But the President-elect has met individual chiefs and regional houses of chiefs already. He has met the TUC. He has met the Catholic Bishops Conference. He has met the Private Enterprises Foundation. By the time he is sworn in on January 2017, the Old Man will have met all those he is expected to meet. He will then have the time to sit down and deliver.
For the reasons above, I think the Old Man has started well. He has done a wise thing. We hope he continues well and ends well. Ghanaians seem to be very expectant of him. The goodwill for him and his younger brother seem to be very high. They cannot disappoint.
We know the purse is dry. But we cannot take excuses. The chiefs and traditional rulers should stay away from the Flagstaff House. Only Nii Ayi Bonte may be given the opportunity to go and explain why he should be taken seriously. But the Old Man should not entertain people at the expense of his core mandate. Four years may appear a very long time, but it is shorter than a deep breath.
In four years, we shall not judge our Old Man by the number of visitors he received. We won’t remember the number of courtesy calls he paid. We will not count the number of funerals he joined us to mourn.
We will count the number of jobs he created. We will want to know whether he has been able to restore dignity and pride to the presidency. We will want to know whether he has found a lasting solution to the power crises. The people of Kete-Krachi will scan their land from Bommoden to Kadentwe to see if a factory has sprouted anywhere.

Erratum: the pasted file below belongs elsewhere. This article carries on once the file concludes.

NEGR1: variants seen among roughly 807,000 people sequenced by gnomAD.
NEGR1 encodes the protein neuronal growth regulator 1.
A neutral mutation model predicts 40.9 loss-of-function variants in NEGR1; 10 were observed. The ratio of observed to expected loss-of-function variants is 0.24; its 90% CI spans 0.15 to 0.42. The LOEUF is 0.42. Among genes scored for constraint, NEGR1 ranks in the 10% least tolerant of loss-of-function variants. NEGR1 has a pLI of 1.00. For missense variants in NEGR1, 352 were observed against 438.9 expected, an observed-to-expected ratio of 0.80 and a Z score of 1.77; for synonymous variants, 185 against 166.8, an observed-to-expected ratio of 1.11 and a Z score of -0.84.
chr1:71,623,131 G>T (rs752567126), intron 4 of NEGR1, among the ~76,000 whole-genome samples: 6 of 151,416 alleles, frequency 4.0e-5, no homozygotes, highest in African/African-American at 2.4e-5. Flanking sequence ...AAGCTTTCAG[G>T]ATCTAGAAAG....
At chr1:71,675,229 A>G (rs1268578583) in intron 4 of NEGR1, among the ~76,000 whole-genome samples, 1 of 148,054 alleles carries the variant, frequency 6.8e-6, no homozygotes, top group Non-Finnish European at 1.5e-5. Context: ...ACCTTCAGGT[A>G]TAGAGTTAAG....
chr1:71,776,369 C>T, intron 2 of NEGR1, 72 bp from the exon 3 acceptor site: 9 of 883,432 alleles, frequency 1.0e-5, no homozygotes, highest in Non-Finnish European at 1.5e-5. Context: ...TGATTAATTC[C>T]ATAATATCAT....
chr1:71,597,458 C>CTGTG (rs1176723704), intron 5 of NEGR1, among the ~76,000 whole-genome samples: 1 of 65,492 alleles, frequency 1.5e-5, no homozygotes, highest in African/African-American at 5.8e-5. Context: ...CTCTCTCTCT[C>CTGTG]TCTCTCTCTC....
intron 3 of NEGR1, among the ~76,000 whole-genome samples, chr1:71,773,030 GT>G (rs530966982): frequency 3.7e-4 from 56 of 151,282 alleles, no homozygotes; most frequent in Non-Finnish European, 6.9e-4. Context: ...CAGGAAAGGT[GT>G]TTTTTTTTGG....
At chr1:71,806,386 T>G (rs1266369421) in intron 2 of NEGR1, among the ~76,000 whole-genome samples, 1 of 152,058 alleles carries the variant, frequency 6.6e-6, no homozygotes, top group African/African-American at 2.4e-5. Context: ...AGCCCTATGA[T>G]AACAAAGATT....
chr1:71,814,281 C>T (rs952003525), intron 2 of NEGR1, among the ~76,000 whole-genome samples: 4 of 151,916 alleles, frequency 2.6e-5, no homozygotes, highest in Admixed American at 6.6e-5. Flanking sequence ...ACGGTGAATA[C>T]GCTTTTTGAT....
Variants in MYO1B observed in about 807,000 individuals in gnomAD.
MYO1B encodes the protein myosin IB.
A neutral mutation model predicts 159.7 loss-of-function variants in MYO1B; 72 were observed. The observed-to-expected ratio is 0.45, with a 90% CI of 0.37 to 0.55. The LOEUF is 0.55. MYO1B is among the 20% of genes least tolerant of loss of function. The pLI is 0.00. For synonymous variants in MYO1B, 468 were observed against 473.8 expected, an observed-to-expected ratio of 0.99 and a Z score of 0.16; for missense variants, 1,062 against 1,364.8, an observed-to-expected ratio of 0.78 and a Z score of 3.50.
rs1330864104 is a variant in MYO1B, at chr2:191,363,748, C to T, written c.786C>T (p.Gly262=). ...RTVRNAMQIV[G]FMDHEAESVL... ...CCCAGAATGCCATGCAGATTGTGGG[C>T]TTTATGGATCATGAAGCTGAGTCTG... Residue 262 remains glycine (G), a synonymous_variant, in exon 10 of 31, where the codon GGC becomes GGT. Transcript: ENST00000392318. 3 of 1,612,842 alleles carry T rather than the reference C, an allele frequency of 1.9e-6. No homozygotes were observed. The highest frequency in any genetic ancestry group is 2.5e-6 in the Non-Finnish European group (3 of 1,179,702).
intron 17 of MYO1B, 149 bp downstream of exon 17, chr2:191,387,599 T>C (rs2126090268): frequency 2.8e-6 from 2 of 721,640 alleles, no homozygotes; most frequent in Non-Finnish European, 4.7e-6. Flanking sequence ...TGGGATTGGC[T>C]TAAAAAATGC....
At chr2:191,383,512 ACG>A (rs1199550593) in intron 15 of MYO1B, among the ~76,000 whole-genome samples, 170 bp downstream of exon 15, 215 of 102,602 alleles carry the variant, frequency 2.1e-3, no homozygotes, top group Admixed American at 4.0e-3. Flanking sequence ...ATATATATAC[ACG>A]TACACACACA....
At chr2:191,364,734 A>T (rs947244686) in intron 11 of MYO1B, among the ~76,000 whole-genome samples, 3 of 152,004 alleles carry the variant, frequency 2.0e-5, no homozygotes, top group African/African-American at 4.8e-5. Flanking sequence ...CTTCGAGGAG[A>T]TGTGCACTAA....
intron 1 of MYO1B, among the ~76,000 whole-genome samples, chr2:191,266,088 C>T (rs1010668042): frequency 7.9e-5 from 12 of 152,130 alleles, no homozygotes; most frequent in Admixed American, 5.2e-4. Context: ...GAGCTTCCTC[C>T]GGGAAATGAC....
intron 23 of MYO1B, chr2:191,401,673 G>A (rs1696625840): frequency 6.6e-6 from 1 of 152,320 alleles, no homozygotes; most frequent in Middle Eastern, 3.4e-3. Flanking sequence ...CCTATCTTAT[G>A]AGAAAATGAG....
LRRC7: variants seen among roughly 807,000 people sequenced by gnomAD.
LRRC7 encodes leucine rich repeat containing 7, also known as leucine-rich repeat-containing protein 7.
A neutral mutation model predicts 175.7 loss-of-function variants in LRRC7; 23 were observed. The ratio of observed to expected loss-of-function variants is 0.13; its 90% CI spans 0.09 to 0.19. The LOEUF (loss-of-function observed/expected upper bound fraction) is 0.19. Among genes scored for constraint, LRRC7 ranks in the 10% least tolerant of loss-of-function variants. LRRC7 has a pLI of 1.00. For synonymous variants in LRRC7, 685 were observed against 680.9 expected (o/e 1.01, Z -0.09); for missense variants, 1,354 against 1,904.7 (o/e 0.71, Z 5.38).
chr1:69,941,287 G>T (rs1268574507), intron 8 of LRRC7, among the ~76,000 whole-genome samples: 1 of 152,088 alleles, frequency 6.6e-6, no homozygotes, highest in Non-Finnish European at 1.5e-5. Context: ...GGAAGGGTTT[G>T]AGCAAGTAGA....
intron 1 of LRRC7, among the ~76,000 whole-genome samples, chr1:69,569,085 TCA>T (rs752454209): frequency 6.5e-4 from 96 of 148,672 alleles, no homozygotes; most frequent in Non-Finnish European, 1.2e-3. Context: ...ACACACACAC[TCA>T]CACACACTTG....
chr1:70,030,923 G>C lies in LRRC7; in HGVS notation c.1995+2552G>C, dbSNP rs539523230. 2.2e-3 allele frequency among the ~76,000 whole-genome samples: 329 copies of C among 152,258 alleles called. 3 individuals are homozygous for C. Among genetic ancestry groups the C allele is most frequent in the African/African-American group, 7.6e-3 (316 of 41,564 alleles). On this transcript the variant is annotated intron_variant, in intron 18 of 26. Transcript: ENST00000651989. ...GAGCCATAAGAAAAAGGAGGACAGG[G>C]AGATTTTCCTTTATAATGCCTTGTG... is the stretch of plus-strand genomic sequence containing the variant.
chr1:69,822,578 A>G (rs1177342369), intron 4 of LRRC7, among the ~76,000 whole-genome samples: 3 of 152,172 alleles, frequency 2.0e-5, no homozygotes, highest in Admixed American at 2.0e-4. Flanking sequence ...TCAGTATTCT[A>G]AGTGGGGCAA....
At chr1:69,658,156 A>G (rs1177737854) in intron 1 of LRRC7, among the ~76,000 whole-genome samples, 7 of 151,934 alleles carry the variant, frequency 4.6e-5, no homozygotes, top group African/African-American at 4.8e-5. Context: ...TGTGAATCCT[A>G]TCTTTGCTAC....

The people of Bongo Beo, Soe and Dua will want to know whether they can grow food in the dry season because they were promised a dam. Kokuvi, whose father died a year before he was born, will want to know whether he could go to Mawuli Senior High School without paying fees.
And the boy from Bongo will want to know whether the Old Man is a man of dignity and integrity as they claim, whether he is a man who will make anti-corruption journalism a delight by punishing government officials who will be caught stealing from the state; or whether he will dash the expectations of the few Ghanaians who still have some modicum of hope in the politician and force them to sigh with despair that “all politicians are the same”.
Nana Addo Dankwa Akufo-Addo’s victory in the 2016 elections brought a psychological healing to the millions of Ghanaians across the country whose conscience, intelligence and dignity were insulted and assaulted by the endless slideshow of scandals and the daily display of impunity and arrogance of power.
We watch with baited breath. We wait with optimistic patience. And wonder with cautious hope whether the man who has spent the past four decades of his life in frontline politics will want to leave indelible footprints in the sands of time, or whether he will just add his name to the roll of people who occupied the leadership space without any meaningful impact.
May God be his helper! And may Ghana be the ultimate beneficiary.
The writer, Manasseh Azure Awuni, is a journalist with Joy 99.7 FM. His email address is firstname.lastname@example.org. The views expressed in this article are his personal opinions and do not reflect, in any form or shape, those of The Multimedia Group, where he works.